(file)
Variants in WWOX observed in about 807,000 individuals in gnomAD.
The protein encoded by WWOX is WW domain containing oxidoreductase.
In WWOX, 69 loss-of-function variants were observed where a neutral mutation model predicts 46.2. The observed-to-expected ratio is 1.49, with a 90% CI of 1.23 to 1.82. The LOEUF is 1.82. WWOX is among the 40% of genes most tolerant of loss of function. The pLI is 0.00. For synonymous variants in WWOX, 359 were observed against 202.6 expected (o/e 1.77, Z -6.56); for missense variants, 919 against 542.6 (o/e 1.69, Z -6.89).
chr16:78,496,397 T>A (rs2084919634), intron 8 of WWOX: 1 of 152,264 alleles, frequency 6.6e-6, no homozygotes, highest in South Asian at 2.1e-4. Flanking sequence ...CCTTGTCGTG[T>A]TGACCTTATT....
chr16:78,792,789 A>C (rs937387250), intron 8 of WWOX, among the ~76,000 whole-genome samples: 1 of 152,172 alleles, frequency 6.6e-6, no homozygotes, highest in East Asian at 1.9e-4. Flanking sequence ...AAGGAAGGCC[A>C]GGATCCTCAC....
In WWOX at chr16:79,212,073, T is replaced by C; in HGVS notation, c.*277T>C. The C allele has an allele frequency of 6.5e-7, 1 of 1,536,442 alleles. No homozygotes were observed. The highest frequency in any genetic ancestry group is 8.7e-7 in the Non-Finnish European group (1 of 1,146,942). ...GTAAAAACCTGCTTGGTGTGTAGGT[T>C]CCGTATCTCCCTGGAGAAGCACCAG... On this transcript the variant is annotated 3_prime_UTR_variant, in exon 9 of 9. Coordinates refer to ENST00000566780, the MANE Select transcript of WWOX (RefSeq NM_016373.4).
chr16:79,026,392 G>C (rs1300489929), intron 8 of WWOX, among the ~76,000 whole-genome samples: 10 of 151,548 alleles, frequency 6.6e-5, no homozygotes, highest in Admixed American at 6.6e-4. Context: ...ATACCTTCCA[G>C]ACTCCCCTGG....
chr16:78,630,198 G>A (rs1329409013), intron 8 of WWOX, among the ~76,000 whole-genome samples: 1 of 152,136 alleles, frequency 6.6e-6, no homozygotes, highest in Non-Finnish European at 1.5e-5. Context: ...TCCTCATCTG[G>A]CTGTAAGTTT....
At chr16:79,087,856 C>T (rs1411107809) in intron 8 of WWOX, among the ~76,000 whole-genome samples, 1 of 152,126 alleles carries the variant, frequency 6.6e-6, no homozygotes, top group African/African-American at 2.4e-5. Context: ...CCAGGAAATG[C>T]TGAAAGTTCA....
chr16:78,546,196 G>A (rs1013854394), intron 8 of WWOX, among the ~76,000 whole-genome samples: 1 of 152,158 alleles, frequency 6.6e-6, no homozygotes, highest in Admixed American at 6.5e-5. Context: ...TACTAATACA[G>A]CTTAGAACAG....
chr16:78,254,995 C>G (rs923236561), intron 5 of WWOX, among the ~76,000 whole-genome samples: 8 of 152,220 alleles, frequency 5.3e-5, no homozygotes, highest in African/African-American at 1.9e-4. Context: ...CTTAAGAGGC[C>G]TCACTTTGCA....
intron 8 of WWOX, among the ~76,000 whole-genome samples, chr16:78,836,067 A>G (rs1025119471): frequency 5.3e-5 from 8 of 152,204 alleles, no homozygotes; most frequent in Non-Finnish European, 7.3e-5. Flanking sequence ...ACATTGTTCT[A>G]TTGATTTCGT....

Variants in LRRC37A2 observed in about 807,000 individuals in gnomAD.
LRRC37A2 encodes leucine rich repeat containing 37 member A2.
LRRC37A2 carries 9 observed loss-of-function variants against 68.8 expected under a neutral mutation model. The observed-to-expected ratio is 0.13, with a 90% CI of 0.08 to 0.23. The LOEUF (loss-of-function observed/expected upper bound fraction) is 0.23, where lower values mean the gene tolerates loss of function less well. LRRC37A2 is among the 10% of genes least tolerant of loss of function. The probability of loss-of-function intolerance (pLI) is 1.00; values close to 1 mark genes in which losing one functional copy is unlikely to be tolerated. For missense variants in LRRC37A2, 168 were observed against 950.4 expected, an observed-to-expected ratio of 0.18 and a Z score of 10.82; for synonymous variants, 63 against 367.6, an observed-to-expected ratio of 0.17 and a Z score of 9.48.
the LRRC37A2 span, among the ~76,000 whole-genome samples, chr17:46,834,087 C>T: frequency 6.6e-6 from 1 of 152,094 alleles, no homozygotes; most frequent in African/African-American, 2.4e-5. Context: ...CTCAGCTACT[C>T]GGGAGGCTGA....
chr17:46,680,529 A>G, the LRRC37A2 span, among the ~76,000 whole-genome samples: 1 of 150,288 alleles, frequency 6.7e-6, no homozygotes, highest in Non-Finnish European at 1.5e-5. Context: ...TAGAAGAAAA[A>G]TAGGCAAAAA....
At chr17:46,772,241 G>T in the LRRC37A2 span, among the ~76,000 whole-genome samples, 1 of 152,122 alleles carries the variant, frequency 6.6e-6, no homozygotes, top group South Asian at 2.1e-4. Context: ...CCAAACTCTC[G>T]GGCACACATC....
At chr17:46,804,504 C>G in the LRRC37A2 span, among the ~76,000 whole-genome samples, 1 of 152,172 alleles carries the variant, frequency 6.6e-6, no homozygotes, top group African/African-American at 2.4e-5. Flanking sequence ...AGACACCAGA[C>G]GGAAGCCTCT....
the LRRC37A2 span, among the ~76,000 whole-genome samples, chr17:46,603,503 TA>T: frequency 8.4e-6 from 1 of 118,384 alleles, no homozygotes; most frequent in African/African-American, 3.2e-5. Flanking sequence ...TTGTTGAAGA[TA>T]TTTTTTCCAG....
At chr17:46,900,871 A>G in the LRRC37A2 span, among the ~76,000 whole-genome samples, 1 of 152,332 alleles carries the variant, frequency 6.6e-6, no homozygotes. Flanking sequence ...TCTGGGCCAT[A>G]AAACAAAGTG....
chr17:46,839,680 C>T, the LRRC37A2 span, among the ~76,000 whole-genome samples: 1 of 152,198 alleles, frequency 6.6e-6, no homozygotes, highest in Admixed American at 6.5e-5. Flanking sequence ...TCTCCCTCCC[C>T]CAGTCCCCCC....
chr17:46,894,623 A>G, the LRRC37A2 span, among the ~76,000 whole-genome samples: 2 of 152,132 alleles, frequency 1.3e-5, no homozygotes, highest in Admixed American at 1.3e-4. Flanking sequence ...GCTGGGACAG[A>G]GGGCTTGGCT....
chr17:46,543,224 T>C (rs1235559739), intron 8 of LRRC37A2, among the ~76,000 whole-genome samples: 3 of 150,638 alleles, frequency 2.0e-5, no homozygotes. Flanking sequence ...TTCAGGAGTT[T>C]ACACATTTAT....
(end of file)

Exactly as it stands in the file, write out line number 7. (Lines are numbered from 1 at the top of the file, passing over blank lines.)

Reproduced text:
chr16:79,026,392 G>C (rs1300489929), intron 8 of WWOX, among the ~76,000 whole-genome samples: 10 of 151,548 alleles, frequency 6.6e-5, no homozygotes, highest in Admixed American at 6.6e-4. Context: ...ATACCTTCCA[G>C]ACTCCCCTGG....